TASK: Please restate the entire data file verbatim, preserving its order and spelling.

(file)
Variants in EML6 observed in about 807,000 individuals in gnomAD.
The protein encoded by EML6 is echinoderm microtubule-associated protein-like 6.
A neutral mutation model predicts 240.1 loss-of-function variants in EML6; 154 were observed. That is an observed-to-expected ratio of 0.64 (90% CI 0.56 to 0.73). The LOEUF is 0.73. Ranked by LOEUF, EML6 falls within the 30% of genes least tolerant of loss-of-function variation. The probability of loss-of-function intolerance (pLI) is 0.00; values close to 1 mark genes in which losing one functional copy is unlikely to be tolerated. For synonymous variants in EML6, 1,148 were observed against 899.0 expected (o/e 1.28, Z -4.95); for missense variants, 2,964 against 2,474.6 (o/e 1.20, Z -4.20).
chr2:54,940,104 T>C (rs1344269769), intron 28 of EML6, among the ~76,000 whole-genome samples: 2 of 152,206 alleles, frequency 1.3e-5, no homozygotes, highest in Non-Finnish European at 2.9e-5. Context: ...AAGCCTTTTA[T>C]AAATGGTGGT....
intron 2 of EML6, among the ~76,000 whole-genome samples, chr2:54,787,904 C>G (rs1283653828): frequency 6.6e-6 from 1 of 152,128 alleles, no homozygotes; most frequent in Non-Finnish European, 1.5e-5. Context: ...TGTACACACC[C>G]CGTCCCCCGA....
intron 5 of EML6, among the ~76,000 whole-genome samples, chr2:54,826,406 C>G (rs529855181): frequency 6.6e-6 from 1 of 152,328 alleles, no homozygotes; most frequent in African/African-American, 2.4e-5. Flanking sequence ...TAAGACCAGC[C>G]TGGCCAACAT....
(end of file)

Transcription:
Variants in EML6 observed in about 807,000 individuals in gnomAD.
The protein encoded by EML6 is echinoderm microtubule-associated protein-like 6.
A neutral mutation model predicts 240.1 loss-of-function variants in EML6; 154 were observed. That is an observed-to-expected ratio of 0.64 (90% CI 0.56 to 0.73). The LOEUF is 0.73. Ranked by LOEUF, EML6 falls within the 30% of genes least tolerant of loss-of-function variation. The probability of loss-of-function intolerance (pLI) is 0.00; values close to 1 mark genes in which losing one functional copy is unlikely to be tolerated. For synonymous variants in EML6, 1,148 were observed against 899.0 expected (o/e 1.28, Z -4.95); for missense variants, 2,964 against 2,474.6 (o/e 1.20, Z -4.20).
chr2:54,940,104 T>C (rs1344269769), intron 28 of EML6, among the ~76,000 whole-genome samples: 2 of 152,206 alleles, frequency 1.3e-5, no homozygotes, highest in Non-Finnish European at 2.9e-5. Context: ...AAGCCTTTTA[T>C]AAATGGTGGT....
intron 2 of EML6, among the ~76,000 whole-genome samples, chr2:54,787,904 C>G (rs1283653828): frequency 6.6e-6 from 1 of 152,128 alleles, no homozygotes; most frequent in Non-Finnish European, 1.5e-5. Context: ...TGTACACACC[C>G]CGTCCCCCGA....
intron 5 of EML6, among the ~76,000 whole-genome samples, chr2:54,826,406 C>G (rs529855181): frequency 6.6e-6 from 1 of 152,328 alleles, no homozygotes; most frequent in African/African-American, 2.4e-5. Flanking sequence ...TAAGACCAGC[C>G]TGGCCAACAT....